Mount Pelly

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Mount Pelly
Mount Pelly 1998-06-28.jpg
Mount Pelly, north of Cambridge Bay (Victoria Island)
Highest point
Elevation More than 200 m (660 ft)
Coordinates 69°10′40″N 104°43′20″W / 69.17778°N 104.72222°W / 69.17778; -104.72222Coordinates: 69°10′40″N 104°43′20″W / 69.17778°N 104.72222°W / 69.17778; -104.72222
Mount Pelly is located in Nunavut
Mount Pelly
Mount Pelly
Mountain type Esker

Mount Pelly or Pelly Mountain (Inuinnaqtun: Ovayok or Uvajuq) is an esker[1] in Kitikmeot, Nunavut. It is located in the Canadian North on Victoria Island within the Ovayok Territorial Park.[2] The hill, which is more than 200 m (660 ft) high, is located 15 km (9.3 mi) north east of the hamlet of Cambridge Bay, Nunavut.[2]


The area around Ovayok has long been used by Inuit as a hunting area and there are over 120 archaeological sites on the esker. These include pirujaq (storage cache), campsites and a grave. The oddest find was a stack of loon bones that had been "cut at every joint". This find, which the local elders indicated was something they had never seen and must have happened before their grandparents were alive, fitted in with an Inuit legend. The legend indicated that people in the area were starving and they were saved only when a skilled hunter killed a loon. To feed all the people the bones had to be broken at the joints so all could be fed.[3]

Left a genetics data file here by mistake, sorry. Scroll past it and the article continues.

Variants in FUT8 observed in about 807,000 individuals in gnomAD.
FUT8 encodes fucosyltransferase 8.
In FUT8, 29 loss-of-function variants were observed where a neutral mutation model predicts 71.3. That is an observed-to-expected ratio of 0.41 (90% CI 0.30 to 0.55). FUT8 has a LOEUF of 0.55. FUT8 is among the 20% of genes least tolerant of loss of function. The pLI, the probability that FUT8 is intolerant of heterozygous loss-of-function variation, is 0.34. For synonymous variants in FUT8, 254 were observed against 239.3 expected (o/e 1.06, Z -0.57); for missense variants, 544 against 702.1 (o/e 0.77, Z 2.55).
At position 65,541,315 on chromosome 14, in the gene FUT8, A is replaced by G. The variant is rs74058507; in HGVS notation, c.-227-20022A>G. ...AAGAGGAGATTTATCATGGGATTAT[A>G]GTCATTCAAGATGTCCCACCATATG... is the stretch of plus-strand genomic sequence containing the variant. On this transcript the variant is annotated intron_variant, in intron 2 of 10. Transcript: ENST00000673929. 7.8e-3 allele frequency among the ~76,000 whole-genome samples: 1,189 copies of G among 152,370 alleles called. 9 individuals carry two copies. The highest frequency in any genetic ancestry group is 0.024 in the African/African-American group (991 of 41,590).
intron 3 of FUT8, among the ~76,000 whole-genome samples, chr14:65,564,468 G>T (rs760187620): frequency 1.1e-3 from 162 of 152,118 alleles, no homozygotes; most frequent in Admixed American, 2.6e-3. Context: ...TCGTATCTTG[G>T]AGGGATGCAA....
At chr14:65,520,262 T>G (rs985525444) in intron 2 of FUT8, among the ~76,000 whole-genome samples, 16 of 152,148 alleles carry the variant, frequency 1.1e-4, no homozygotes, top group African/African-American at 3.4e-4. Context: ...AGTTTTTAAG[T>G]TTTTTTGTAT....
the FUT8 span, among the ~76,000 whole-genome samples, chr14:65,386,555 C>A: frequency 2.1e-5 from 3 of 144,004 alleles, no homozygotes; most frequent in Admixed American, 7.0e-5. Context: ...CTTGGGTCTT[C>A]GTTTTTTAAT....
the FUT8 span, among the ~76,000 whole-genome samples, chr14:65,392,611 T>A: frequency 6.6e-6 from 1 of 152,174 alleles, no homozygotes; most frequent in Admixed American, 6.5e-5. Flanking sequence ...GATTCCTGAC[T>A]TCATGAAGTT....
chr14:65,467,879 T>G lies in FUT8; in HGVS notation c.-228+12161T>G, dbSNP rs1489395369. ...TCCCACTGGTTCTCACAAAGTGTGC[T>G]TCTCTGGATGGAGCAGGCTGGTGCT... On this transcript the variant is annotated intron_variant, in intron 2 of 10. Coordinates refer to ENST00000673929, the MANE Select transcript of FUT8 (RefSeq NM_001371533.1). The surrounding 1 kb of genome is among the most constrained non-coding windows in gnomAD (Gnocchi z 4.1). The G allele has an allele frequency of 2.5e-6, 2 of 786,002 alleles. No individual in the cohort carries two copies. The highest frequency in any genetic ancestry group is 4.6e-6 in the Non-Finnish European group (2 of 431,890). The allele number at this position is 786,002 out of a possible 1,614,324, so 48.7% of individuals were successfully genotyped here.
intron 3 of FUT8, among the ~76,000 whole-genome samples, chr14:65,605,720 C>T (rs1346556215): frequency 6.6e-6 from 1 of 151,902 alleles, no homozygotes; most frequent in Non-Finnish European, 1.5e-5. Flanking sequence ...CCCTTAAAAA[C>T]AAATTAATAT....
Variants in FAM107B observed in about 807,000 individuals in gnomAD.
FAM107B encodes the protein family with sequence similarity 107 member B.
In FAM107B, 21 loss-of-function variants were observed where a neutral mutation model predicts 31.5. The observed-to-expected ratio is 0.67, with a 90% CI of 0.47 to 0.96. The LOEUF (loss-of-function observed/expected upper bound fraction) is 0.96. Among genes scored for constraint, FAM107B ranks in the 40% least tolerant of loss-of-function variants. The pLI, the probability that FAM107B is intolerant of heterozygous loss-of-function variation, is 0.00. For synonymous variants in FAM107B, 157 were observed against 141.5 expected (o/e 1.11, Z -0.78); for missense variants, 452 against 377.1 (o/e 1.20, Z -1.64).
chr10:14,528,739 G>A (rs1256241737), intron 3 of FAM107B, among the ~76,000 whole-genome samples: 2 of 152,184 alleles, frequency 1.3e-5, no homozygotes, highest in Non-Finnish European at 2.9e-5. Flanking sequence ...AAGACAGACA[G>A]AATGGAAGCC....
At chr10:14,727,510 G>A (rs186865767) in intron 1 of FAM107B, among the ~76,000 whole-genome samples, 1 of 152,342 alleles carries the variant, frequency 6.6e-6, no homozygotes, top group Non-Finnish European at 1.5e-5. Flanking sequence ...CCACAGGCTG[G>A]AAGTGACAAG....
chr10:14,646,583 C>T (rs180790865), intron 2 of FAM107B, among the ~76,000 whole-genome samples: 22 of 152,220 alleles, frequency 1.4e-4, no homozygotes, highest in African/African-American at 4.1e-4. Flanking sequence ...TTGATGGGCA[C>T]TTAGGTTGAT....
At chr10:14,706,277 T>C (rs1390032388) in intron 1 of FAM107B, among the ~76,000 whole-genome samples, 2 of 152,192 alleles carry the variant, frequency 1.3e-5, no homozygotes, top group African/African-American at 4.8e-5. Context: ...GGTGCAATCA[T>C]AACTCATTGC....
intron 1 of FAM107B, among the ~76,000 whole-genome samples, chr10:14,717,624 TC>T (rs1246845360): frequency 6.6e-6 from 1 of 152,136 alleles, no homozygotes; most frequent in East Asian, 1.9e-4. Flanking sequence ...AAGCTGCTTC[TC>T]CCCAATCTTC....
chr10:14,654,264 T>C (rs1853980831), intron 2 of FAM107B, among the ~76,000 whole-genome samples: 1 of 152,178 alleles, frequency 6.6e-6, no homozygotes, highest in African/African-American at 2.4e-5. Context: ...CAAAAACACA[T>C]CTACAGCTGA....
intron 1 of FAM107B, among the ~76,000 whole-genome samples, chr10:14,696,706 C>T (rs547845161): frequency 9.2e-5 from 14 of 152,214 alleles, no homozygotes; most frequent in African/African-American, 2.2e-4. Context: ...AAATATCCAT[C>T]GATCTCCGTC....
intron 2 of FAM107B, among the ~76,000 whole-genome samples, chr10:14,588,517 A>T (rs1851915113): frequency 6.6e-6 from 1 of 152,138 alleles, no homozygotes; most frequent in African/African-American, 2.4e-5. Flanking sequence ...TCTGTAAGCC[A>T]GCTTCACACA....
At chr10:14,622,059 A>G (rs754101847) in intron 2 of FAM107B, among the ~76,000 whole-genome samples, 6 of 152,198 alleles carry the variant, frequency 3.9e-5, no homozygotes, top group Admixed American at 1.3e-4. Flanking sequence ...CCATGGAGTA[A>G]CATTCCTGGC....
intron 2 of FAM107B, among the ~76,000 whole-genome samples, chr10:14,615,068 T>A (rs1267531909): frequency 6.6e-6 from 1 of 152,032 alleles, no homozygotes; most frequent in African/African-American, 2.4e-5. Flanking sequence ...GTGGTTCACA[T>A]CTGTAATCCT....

Modern history[edit]

The esker was given its English name by Thomas Simpson and Peter Warren Dease in 1839 to honour Sir John Henry Pelly, governor of the Hudson's Bay Company. Simpson and Dease had travelled from Great Bear Lake, down the Coppermine River, to Back River. In 1850-51 John Rae, while searching the south coast of Victoria Island for clues to the lost expedition of John Franklin, climbed to the top of Mount Pelly.[3]

Traditional belief[edit]

Inuuhuktu (Baby Pelly) and Amaaqtuq (Lady Pelly)

Behind Mount Pelly are two more eskers called Inuuhuktu (Baby Pelly) and Amaaqtuq (Lady Pelly). Inuit legend says that the three hills are a family of starving giants. They were crossing Victoria Island looking for food and the father, Ovayok, died first. Next the son, Inuuhuktu (English; "son"[4]), died and was followed by the mother, Amaaqtuq (English; "packing baby",[5] see amauti), who was carrying her baby.[3]


  1. ^ Mount Pelly Territorial Park, Cambridge Bay
  2. ^ a b Nunavut Parks
  3. ^ a b c David F. Pelly & Kim Crockatt, ed. (1999). Uvajuq The Origin of Death. Elsie Anaginak Klengenberg (illustrator). Kitikmeot Heritage Society. ISBN 978-0-9690783-8-8. 
  4. ^ "Inuuhuktu". Asuilaak Living Dictionary. Retrieved 2009-05-24. 
  5. ^ Ohokak, G.; Kadlun, M.; Harnum, B. Inuinnaqtun-English Dictionary. Kitikmeot Heritage Society.